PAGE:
On a quaint neighborhood street — one lined with post offices and laundromats, newspaper boxes and freshly planted trees — a police takedown happens.
Cop cars are up on sidewalks. Officers in bulletproof vests try to calm an unruly citizen.
Suddenly, like a movie scene being cut, it’s over.
At the new Toronto Police College, outdoor simulations like this are just another part of a cadet-in-training’s day.
“You can’t teach a lot of this out of a book,” said Staff Sergeant Frank Barredo. “This is the training environment, this is where we want to make mistakes.”
The 25,000-square-metre facility, located at 70 Birmingham St., includes a gym, classrooms and a mock-village for street-level scenarios.
When training needs to be moved indoors, the school has an area that can be taken apart and put back together like a puzzle to create different environments to learn in.
“It’s kind of like a Legoland: everything sort of locks together,” said Barredo. “We hope to be able to reproduce (reality) as realistically as possible.”
High above the roofless, Lego-like structure, a catwalk stretches the length of the room so trainers can watch their students.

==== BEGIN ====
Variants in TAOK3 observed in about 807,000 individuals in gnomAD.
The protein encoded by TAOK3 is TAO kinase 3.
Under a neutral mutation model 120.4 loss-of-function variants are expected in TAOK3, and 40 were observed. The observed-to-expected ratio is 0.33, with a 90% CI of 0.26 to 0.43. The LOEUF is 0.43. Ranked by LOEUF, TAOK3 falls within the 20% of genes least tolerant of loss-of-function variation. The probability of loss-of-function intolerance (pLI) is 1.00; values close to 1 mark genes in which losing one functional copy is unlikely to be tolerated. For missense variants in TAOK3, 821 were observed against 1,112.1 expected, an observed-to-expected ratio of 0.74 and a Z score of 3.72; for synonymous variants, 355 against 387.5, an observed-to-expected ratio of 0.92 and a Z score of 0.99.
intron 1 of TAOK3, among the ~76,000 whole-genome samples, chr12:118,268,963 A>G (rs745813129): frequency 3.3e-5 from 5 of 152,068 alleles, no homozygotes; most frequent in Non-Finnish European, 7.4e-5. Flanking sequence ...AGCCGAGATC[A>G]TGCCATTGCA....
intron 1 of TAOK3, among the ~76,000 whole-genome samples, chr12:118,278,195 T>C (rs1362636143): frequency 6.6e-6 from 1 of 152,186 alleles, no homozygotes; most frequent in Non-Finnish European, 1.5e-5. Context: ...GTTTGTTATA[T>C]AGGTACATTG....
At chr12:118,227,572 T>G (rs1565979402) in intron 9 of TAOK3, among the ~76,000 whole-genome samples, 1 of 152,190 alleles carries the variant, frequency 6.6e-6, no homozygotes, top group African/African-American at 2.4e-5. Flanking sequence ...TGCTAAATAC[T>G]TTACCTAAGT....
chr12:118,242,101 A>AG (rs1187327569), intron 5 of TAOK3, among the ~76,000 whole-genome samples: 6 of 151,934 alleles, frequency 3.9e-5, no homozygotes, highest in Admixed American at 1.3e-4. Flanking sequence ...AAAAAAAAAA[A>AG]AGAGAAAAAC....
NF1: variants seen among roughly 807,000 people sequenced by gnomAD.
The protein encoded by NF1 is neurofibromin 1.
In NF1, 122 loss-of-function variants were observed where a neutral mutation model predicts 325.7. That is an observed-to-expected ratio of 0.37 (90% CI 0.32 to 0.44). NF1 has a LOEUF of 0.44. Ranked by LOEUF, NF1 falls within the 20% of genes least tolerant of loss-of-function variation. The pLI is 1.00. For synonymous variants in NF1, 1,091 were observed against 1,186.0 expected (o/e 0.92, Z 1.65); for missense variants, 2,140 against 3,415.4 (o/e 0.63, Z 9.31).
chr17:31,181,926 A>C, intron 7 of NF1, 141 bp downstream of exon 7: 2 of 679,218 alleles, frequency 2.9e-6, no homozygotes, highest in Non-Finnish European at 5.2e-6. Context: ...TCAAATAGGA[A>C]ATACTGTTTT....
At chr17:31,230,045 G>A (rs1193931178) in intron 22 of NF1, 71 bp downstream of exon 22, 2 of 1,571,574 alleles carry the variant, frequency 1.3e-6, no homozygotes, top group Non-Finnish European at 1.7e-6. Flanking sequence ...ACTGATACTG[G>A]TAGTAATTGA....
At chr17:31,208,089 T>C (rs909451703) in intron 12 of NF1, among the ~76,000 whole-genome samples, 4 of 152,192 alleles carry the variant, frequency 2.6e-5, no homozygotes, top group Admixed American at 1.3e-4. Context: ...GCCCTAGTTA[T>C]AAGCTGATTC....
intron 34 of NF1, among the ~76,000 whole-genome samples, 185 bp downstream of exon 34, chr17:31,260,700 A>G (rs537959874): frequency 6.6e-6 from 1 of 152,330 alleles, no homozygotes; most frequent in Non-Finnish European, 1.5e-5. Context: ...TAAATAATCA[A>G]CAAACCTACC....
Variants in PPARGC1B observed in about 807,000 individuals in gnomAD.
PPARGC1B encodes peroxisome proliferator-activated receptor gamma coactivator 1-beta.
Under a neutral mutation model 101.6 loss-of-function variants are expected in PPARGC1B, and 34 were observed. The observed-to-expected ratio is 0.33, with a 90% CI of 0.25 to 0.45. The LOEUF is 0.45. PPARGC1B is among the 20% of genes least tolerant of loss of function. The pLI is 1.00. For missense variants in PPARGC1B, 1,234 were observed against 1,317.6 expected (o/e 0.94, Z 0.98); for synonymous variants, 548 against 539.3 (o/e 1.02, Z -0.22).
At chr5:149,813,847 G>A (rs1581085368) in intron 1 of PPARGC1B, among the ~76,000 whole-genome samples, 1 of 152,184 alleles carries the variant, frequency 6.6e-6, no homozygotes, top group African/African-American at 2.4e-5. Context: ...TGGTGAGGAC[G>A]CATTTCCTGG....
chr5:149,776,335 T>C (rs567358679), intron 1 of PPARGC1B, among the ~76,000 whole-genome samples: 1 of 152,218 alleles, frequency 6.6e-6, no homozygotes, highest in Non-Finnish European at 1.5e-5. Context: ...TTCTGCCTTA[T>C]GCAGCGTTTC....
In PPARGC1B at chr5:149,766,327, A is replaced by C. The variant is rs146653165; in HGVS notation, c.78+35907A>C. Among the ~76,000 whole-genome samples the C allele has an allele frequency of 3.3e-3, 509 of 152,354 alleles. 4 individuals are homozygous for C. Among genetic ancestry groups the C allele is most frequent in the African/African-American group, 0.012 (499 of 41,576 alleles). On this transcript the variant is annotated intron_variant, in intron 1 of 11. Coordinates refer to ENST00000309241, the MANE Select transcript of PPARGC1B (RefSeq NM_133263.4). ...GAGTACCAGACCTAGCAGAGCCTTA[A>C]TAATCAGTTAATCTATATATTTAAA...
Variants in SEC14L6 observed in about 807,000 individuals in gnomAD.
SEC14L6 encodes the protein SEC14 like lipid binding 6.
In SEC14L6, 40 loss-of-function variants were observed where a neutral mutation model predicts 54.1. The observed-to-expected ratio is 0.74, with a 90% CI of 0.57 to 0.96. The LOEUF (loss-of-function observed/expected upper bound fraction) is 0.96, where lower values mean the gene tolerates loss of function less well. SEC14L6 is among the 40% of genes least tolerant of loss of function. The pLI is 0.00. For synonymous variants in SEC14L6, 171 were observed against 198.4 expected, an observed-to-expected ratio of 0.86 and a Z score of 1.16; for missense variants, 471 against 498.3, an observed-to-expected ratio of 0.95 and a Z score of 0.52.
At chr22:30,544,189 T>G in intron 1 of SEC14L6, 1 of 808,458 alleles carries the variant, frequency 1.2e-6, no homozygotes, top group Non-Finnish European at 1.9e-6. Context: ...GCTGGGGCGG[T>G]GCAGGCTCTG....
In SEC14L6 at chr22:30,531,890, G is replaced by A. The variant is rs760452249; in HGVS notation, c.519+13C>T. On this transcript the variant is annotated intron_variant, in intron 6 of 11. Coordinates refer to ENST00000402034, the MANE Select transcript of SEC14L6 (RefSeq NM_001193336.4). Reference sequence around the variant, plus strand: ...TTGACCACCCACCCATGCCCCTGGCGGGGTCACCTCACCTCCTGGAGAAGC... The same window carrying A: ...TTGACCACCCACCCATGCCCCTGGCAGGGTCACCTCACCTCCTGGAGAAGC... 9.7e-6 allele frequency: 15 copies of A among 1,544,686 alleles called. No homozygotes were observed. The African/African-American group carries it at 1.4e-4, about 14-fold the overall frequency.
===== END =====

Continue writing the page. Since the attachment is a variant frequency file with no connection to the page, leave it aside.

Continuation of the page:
Inspector Tony Riviere says his favourite parts of the new facility are the shooting ranges, which sit opposite the indoor training area. The college has two shooting ranges, each 50 meters deep and 30 shooting lanes wide. It also has a “running man”, which allows recruits to practice shooting a moving target.
The new police college replace’s Charles O. Bick College in Scarborough, which served the police force for 32 years. According to Barredo, not only has the facility changed, but so has the training.
“It’s been such an evolution,” said Barredo. “We’ve injected a lot of shades of grey.”
New recruits attend the college for two weeks before and for five weeks after training at the Ontario Police College in Aylmer. At the Toronto college, recruits focus mainly on city bylaws and issues that come with policing in larger cities.
The new facility will also be used by the Toronto Scottish Regiment and the Department of National Defence, which contributed $15 million toward the $75-million construction cost.
“We’re really excited to move in,” said Mike Lacroix, the regiment’s chief warrant officer. “This is a great step for us.”
The forces will each have their own space within the facility, but will share the auditorium, gym and classrooms.
A new 22 Division sub-station has also found a home in the new building.
“Toronto Police wants to have the best trained officers to serve the public,” said Barredo, “and this is the training facility.”
Both Barredo and Riviere, who each have well over a decade with the service under their belts, are pleased with the new training school.
“I don’t know how we could give (the facility) anything less than an A-plus,” said Barredo.
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